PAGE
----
Sugar Intake Linked to Kids' Asthma?
Diet Rich in Sweets Could Promote Kids' Asthma, Study Shows
WebMD News Archive
March 17, 2008 (Philadelphia) -- Sugar might do more than just plump up our
children, it could also help give them asthma, animal research suggests.
Asthma now affects nearly 9% of children and
teens, a figure that has doubled since the 1980s, according to a study
published last year.
Poor eating habits, including frequent consumption of candy and other sugary
foods, are among factors blamed for the increase of
asthma in children and teens, says Sonja Kierstein, PhD, of the Nestle
Research Center in Lausanne, Switzerland.
Kierstein and colleagues hypothesized that a sugar-rich
diet may prime the immune system of the airways to allergic inflammation.
The inflammation, in turn, can cause a narrowing of the airways and mucus
production, resulting in
asthma symptoms, such as wheezing and shortness of breath.
Kierstein, who performed the study while at the University of Pennsylvania,
presented the findings here at the annual meeting of the American Academy of
Allergy, Asthma and Immunology.
Mice, Like Kids, Can't Get Enough Sugar
To test their theory, the researchers studied two groups of mice. One group
was given water. The other mice were offered sugar-laced water and allowed to
drink up -- as much as they wanted.
"Their behavior was just like in kids," Kierstein tells WebMD.
"Once they tasted [the sugar water], they went back again and
Both groups of mice were then injected with an allergen in an effort to make
them more tolerant to that allergen. The idea of tolerance is to strengthen the
immune system to fight off the effects of a future exposure to that allergen.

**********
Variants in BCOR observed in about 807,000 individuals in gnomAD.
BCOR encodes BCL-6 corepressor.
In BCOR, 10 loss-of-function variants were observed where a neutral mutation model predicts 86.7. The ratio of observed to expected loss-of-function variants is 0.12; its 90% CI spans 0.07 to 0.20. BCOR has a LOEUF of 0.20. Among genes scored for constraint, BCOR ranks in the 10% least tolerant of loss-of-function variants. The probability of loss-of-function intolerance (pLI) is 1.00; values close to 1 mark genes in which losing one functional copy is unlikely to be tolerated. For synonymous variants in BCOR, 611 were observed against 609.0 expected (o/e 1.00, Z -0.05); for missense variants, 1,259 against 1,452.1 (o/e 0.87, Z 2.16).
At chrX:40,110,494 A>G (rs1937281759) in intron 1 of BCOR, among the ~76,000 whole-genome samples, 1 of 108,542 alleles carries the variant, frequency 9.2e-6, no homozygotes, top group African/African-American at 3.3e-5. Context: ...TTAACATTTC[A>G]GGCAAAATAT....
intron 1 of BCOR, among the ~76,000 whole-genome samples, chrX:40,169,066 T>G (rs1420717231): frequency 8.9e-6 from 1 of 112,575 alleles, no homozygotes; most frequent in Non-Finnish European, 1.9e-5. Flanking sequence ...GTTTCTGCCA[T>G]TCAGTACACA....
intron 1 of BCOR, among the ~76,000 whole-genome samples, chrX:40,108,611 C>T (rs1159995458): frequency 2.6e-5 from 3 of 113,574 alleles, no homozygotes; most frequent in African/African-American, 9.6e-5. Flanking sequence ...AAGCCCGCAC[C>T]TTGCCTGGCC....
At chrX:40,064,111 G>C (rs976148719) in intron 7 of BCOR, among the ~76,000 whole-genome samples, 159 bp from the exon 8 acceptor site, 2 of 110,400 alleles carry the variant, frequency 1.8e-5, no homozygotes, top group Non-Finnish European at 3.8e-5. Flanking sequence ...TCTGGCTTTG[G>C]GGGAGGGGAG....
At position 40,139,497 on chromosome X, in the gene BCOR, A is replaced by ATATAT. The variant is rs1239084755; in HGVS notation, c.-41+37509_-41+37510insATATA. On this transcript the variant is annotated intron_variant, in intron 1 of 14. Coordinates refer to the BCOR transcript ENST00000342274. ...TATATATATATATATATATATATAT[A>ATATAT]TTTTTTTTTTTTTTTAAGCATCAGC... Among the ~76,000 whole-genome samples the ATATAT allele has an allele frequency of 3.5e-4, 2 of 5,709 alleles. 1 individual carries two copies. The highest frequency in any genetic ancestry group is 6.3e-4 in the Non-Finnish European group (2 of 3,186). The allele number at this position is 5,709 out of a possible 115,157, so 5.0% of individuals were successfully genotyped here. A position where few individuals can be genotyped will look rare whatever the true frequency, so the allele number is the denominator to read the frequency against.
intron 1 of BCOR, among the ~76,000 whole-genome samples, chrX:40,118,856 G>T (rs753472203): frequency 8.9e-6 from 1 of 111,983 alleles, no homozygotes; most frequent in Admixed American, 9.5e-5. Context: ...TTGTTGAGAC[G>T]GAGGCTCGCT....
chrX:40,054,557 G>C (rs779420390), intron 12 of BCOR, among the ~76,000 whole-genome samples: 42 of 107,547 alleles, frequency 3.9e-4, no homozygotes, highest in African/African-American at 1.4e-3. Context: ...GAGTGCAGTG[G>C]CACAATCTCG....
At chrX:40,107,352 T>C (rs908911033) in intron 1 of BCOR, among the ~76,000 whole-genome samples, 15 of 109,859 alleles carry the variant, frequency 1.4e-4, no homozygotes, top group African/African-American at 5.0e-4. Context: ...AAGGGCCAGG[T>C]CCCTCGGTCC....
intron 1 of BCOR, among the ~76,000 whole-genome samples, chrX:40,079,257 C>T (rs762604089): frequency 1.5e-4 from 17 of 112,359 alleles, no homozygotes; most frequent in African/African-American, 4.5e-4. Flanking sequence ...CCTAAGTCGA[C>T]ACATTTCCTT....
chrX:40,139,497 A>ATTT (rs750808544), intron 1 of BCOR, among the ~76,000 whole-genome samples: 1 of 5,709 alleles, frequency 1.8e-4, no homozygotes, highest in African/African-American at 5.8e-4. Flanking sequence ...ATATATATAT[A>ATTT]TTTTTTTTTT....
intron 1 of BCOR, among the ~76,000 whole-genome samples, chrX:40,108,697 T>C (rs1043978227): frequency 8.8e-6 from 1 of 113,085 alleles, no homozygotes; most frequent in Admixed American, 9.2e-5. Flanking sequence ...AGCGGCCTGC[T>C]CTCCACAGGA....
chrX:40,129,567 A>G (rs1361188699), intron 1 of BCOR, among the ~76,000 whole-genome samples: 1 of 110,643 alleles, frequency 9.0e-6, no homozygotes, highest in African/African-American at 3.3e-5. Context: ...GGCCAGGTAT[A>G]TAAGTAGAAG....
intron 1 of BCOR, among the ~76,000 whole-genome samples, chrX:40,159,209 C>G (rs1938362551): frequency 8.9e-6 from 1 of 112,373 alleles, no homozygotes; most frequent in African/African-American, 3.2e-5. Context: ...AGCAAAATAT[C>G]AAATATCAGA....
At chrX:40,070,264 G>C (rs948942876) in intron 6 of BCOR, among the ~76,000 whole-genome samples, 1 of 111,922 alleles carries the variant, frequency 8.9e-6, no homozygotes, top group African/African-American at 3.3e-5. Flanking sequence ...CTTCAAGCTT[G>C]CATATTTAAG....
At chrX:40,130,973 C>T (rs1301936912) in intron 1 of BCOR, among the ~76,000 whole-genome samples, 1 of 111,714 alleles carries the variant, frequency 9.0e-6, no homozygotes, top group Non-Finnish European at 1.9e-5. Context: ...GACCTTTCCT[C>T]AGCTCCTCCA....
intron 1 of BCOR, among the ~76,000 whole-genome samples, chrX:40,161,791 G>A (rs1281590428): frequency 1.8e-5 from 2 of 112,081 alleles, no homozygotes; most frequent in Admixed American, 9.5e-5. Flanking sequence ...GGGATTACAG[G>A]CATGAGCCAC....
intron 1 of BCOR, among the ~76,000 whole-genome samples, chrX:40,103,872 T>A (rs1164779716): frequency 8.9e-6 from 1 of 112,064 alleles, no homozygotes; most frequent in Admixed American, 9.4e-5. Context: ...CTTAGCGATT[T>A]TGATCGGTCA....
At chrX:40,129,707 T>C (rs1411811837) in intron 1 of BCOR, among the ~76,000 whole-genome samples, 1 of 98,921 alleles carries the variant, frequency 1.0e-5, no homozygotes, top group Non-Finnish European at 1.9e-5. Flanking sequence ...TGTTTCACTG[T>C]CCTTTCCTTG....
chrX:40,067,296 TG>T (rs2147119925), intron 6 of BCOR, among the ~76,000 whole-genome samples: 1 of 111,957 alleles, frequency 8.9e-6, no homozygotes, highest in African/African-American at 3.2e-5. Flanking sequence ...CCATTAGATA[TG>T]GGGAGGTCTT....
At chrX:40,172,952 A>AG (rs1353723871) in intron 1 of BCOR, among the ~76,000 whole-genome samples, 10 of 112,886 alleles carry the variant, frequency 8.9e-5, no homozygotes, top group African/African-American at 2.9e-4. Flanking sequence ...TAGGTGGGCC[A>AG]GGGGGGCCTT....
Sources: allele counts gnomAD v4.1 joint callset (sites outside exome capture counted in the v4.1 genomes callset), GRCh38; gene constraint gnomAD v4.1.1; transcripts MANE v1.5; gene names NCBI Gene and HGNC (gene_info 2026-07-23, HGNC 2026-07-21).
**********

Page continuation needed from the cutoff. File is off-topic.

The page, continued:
Allergens are substances that can cause allergic reactions such as runny noses
and hives and can trigger asthma symptoms.
Then, both groups of mice were reinjected with the same allergen and the
researchers looked at whether there was any difference in how susceptible the
two groups were to inflammation in the airways and the allergic response.
"What we found," Kierstein says, "is that the sugar-fed mice had
more than twice as much airway inflammation as the water-fed mice. Their immune
systems were more activated. This makes them more susceptible to
Asriani M. Chiu, MD, a pediatric allergist at the Medical College of
Wisconsin in Milwaukee, says the findings provide "one more reason to
encourage our children to eat less sugar."
One simple way to cut back on your kid's sugar intake is to replace soda and
sugar-laden fruit punch with juices that don't have any added sugar, Chiu tells
"Read the labels," she advises. "Some parents are not aware that
high-fructose corn syrup, an ingredient in many fruit drinks, is just another
form of sugar."